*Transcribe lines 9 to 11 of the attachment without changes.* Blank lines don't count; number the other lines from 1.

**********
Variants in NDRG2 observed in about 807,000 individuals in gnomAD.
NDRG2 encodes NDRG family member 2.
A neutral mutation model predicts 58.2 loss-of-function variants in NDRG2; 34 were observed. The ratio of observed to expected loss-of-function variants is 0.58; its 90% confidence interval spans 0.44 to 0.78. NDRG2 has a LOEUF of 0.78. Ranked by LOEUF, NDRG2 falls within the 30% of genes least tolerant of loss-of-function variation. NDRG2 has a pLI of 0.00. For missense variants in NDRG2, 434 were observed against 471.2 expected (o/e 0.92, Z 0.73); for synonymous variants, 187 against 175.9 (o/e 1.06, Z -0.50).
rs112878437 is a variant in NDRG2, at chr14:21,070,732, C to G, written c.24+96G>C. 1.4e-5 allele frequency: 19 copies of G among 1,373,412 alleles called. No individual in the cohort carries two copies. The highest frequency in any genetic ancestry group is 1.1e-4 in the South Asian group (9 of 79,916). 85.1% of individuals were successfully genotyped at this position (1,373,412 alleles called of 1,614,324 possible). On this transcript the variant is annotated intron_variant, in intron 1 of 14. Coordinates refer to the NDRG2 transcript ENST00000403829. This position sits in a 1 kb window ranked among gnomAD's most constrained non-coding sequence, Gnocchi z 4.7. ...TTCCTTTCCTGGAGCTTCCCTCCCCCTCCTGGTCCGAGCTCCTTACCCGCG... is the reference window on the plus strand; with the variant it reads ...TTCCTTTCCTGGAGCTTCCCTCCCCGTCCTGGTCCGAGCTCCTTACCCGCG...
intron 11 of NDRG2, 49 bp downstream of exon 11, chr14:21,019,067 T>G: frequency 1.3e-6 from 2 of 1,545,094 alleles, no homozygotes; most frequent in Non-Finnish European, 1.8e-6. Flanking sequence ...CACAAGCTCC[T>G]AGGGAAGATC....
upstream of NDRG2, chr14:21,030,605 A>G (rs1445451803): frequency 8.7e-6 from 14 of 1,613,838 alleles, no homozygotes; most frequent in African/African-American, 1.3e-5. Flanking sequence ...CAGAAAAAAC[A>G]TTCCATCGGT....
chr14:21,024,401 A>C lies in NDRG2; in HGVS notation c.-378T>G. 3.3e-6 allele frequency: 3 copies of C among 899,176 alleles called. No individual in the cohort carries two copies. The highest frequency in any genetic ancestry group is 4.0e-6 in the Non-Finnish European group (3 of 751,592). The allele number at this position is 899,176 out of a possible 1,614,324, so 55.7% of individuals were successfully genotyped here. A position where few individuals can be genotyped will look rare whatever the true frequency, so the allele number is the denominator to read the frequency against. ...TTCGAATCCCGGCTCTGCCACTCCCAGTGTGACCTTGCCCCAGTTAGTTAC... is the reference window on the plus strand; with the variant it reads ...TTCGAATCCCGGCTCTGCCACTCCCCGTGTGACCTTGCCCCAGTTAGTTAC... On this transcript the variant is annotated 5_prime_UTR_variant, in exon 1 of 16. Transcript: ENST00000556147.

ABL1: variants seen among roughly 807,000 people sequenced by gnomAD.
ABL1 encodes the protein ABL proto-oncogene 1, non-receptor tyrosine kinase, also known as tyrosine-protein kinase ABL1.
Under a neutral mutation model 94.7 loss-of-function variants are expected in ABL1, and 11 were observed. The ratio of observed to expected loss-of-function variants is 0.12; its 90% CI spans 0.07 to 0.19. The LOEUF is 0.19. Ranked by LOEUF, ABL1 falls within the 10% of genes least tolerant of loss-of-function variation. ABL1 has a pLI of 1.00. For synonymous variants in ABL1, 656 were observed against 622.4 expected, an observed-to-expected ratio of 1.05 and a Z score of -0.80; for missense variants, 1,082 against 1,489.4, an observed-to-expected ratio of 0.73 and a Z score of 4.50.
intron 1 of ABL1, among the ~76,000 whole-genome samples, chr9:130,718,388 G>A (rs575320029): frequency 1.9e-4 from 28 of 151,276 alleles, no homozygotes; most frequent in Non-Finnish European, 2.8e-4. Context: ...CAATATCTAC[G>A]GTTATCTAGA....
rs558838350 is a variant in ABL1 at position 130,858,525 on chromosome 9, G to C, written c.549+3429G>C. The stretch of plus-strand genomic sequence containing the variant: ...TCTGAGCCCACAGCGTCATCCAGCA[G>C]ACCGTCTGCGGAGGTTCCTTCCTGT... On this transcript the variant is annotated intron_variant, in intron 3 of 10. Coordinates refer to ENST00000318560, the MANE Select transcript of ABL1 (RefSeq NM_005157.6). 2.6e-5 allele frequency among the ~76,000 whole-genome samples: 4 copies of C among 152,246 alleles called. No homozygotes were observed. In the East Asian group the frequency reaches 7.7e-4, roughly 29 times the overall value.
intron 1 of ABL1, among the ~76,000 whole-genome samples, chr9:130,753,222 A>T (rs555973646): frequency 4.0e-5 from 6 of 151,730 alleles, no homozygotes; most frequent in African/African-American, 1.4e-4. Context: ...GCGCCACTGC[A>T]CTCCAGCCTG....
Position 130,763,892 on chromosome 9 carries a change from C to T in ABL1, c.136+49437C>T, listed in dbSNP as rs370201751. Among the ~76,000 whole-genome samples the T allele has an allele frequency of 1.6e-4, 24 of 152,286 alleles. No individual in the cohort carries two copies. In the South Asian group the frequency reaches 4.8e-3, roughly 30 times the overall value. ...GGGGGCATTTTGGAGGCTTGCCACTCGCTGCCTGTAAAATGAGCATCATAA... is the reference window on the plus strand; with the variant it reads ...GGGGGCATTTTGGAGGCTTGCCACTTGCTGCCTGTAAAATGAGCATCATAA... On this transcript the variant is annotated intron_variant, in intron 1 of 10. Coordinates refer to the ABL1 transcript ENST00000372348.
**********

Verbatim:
ABL1 encodes the protein ABL proto-oncogene 1, non-receptor tyrosine kinase, also known as tyrosine-protein kinase ABL1.
Under a neutral mutation model 94.7 loss-of-function variants are expected in ABL1, and 11 were observed. The ratio of observed to expected loss-of-function variants is 0.12; its 90% CI spans 0.07 to 0.19. The LOEUF is 0.19. Ranked by LOEUF, ABL1 falls within the 10% of genes least tolerant of loss-of-function variation. ABL1 has a pLI of 1.00. For synonymous variants in ABL1, 656 were observed against 622.4 expected, an observed-to-expected ratio of 1.05 and a Z score of -0.80; for missense variants, 1,082 against 1,489.4, an observed-to-expected ratio of 0.73 and a Z score of 4.50.
intron 1 of ABL1, among the ~76,000 whole-genome samples, chr9:130,718,388 G>A (rs575320029): frequency 1.9e-4 from 28 of 151,276 alleles, no homozygotes; most frequent in Non-Finnish European, 2.8e-4. Context: ...CAATATCTAC[G>A]GTTATCTAGA....